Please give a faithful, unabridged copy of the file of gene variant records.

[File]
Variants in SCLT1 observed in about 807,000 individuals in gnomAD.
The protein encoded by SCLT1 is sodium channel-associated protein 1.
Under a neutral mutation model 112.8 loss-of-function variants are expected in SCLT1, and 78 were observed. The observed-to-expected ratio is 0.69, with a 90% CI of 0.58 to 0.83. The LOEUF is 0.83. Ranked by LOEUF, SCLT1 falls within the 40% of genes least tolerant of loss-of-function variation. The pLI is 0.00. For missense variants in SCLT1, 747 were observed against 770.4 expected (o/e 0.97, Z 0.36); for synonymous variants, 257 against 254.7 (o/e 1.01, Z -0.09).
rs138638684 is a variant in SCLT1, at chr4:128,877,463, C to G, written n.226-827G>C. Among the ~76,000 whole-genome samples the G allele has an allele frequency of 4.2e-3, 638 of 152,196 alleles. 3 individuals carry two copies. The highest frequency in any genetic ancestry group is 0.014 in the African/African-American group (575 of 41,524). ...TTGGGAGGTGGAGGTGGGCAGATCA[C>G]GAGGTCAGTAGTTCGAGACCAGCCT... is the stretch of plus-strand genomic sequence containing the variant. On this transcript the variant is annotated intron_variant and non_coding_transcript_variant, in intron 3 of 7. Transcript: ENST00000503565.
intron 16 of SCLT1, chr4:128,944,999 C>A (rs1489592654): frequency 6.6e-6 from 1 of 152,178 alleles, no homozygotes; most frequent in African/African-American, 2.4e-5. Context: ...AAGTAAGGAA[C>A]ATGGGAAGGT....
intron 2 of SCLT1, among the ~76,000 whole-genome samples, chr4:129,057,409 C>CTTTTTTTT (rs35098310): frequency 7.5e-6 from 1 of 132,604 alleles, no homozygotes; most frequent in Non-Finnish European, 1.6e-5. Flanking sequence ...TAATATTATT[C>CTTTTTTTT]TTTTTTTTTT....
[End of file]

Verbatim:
Variants in SCLT1 observed in about 807,000 individuals in gnomAD.
The protein encoded by SCLT1 is sodium channel-associated protein 1.
Under a neutral mutation model 112.8 loss-of-function variants are expected in SCLT1, and 78 were observed. The observed-to-expected ratio is 0.69, with a 90% CI of 0.58 to 0.83. The LOEUF is 0.83. Ranked by LOEUF, SCLT1 falls within the 40% of genes least tolerant of loss-of-function variation. The pLI is 0.00. For missense variants in SCLT1, 747 were observed against 770.4 expected (o/e 0.97, Z 0.36); for synonymous variants, 257 against 254.7 (o/e 1.01, Z -0.09).
rs138638684 is a variant in SCLT1, at chr4:128,877,463, C to G, written n.226-827G>C. Among the ~76,000 whole-genome samples the G allele has an allele frequency of 4.2e-3, 638 of 152,196 alleles. 3 individuals carry two copies. The highest frequency in any genetic ancestry group is 0.014 in the African/African-American group (575 of 41,524). ...TTGGGAGGTGGAGGTGGGCAGATCA[C>G]GAGGTCAGTAGTTCGAGACCAGCCT... is the stretch of plus-strand genomic sequence containing the variant. On this transcript the variant is annotated intron_variant and non_coding_transcript_variant, in intron 3 of 7. Transcript: ENST00000503565.
intron 16 of SCLT1, chr4:128,944,999 C>A (rs1489592654): frequency 6.6e-6 from 1 of 152,178 alleles, no homozygotes; most frequent in African/African-American, 2.4e-5. Context: ...AAGTAAGGAA[C>A]ATGGGAAGGT....
intron 2 of SCLT1, among the ~76,000 whole-genome samples, chr4:129,057,409 C>CTTTTTTTT (rs35098310): frequency 7.5e-6 from 1 of 132,604 alleles, no homozygotes; most frequent in Non-Finnish European, 1.6e-5. Flanking sequence ...TAATATTATT[C>CTTTTTTTT]TTTTTTTTTT....